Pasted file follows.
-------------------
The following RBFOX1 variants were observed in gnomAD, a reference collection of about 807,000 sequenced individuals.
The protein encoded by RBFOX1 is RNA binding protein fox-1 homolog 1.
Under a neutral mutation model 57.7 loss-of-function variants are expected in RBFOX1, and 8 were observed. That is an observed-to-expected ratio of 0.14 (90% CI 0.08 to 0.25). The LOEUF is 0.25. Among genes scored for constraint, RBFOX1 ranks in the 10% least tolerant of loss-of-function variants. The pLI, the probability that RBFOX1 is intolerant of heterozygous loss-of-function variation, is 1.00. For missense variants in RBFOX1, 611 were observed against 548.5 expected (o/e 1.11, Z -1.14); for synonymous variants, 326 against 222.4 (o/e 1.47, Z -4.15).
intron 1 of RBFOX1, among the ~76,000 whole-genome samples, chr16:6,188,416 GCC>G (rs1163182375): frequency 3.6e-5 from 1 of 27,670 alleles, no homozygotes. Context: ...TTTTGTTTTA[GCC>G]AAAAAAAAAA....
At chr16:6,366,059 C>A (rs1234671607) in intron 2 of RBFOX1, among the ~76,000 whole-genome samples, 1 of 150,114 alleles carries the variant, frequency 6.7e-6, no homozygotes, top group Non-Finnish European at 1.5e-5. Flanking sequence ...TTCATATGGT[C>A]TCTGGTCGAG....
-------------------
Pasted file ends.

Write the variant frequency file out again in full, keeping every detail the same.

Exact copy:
The following RBFOX1 variants were observed in gnomAD, a reference collection of about 807,000 sequenced individuals.
The protein encoded by RBFOX1 is RNA binding protein fox-1 homolog 1.
Under a neutral mutation model 57.7 loss-of-function variants are expected in RBFOX1, and 8 were observed. That is an observed-to-expected ratio of 0.14 (90% CI 0.08 to 0.25). The LOEUF is 0.25. Among genes scored for constraint, RBFOX1 ranks in the 10% least tolerant of loss-of-function variants. The pLI, the probability that RBFOX1 is intolerant of heterozygous loss-of-function variation, is 1.00. For missense variants in RBFOX1, 611 were observed against 548.5 expected (o/e 1.11, Z -1.14); for synonymous variants, 326 against 222.4 (o/e 1.47, Z -4.15).
intron 1 of RBFOX1, among the ~76,000 whole-genome samples, chr16:6,188,416 GCC>G (rs1163182375): frequency 3.6e-5 from 1 of 27,670 alleles, no homozygotes. Context: ...TTTTGTTTTA[GCC>G]AAAAAAAAAA....
At chr16:6,366,059 C>A (rs1234671607) in intron 2 of RBFOX1, among the ~76,000 whole-genome samples, 1 of 150,114 alleles carries the variant, frequency 6.7e-6, no homozygotes, top group Non-Finnish European at 1.5e-5. Flanking sequence ...TTCATATGGT[C>A]TCTGGTCGAG....